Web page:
Thursday, June 18, 2009
Moab, Biblical Burial Site of Moses
June 17, 2009
Once again, I got up and got coffee and checked my computer for email and stock market trends. Then, of course, take coffee to Jes to jump start her. Our plan was to make it an easy 180-190 miles to Moab. Moab is named after the biblical burial land of Moses, who, as you know, did not make it to the Promised Land.
We left Richfield and motored east on I-70. I knew the San Rafael Swell was ahead of us and was looking forward to it. (I had heard much about this geologic formation while living in Boulder but hadn’t had the chance to view it.) The wind/air temp was just about perfect, but we pulled over to don rain gear just in case.
We did a lot of climbing going up the west side of the swell, and reached a great viewing point. The Native Americans were there with large spreads of jewelry. (I wonder if that stuff is really made in Thailand or somewhere.)
Then, we rode the down into the San Rafael Desert. Going up, over, and down the swell presented us with fantabulous sights, and these pictures really don’t do justice to the geography. The scale of mountains, plains, mesas, and other western geography dwarfs what you see in Arkansas, the Hill Country of Texas, and even the Appalachians. You really feel as though you are just a mote when you ride down a cut made through huge stone walls and find yourself staring out at mountains that are 30-40-50 miles in the distance across the high desert.
We got gas just before turning south on Hwy 191 to Moab. Moab, UT, is the setting for a novella I’ve finished (are we ever finished?), and driving back to the town was like going back to see an old friend.
After grabbing a hotel, we went to get a snack, and then rode around some. We ended up taking the road that leads to Slickrock Trail (a famous mountain bike jaunt) but pushed on to where the road turned to gravel and then kept going another ten miles or so. When we stopped to take a break, stretch our legs, and snap some pics, Jes called to me from behind where I was standing. “Hey, Papa, do you think we need to worry about that?”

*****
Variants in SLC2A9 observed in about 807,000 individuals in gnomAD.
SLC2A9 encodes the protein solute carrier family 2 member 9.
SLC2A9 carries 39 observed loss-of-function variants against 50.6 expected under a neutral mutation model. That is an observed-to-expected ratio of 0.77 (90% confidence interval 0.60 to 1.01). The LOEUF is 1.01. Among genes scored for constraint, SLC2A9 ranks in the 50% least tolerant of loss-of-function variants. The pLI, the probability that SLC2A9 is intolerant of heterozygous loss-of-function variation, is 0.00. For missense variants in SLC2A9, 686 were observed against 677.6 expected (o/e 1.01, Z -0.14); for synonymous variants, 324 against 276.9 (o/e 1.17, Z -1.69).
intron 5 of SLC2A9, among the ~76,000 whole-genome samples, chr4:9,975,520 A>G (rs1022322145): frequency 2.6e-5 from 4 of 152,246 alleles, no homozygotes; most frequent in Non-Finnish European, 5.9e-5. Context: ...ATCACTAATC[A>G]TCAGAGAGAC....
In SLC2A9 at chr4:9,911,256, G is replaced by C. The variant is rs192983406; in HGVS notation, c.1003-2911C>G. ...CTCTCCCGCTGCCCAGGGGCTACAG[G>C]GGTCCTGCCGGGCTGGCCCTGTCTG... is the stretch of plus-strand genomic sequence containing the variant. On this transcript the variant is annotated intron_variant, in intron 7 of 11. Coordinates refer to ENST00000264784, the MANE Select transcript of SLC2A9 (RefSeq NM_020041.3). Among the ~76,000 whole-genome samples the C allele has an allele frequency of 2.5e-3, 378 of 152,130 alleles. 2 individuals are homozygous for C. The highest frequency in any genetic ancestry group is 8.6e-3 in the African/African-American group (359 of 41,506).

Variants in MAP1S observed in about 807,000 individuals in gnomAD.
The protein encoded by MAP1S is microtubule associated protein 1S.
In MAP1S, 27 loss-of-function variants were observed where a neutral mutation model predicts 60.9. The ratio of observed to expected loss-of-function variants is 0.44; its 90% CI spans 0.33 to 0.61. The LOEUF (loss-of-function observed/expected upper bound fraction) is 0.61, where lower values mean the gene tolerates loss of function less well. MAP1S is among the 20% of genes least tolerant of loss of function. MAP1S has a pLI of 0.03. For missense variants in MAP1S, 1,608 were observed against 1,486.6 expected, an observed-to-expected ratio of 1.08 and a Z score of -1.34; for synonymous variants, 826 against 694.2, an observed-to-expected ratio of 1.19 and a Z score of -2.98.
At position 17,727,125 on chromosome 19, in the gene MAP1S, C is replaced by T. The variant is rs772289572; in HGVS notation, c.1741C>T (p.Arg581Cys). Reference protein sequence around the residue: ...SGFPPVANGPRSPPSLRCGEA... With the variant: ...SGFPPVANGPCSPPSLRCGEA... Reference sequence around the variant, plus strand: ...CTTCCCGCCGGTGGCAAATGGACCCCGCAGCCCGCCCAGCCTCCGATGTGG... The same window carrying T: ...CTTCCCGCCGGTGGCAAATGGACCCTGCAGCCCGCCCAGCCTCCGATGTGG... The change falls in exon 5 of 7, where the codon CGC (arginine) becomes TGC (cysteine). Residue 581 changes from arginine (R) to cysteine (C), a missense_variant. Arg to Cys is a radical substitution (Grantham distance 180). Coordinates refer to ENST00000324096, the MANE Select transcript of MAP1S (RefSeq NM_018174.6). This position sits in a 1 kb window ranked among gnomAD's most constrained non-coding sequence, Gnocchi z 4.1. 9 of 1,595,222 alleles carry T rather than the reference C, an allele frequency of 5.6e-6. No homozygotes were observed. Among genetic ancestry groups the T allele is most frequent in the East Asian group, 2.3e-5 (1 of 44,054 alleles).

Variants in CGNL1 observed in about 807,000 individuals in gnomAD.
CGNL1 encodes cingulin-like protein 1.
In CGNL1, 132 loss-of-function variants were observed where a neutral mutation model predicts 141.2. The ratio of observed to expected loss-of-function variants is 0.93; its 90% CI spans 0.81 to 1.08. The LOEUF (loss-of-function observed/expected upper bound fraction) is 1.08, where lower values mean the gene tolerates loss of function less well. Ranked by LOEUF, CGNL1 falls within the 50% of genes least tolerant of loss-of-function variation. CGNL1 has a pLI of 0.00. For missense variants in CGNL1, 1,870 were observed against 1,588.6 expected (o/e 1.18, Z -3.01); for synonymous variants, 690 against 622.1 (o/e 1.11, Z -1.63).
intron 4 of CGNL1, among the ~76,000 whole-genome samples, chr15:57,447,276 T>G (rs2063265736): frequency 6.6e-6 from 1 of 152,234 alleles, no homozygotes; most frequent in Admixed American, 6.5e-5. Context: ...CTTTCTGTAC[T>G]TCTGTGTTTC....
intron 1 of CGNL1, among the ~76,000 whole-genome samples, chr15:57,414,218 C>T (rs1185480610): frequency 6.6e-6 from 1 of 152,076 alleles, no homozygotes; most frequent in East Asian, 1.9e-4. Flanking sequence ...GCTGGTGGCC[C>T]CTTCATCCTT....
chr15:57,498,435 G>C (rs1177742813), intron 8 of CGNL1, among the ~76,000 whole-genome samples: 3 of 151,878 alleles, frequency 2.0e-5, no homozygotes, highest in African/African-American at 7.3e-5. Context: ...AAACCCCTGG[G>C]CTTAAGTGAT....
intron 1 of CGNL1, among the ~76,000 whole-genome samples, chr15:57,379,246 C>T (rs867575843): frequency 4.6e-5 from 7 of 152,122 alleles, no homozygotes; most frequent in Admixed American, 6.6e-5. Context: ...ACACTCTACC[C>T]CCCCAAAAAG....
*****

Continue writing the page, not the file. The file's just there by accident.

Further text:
I turned and saw some dark clouds a few miles away approaching…and it was obvious that they were dumping rain. We were way high above the town and miles away, so I was most concerned about lightning. Fortunately, we missed most of the rain.
After taking a cat nap, we decided to do some more looking around and find somewhere to eat. I had a place in mind, but didn’t tell her about it until we started up a horribly-maintained asphalt road toward a very oddly shaped structure at the top.
“That’s a great dinner place,” I said. “Been there before and it was delicious.”
It proved to be an equally enjoyable experience this time, too, although the rain drove us off our outdoor dinner patio and inside for shelter.
We did our usual TV thing, throwing the remote back and forth, telling the other to try and find a good channel. Terrible TV all week, but that was really just as well.
Lights out at 11 or so.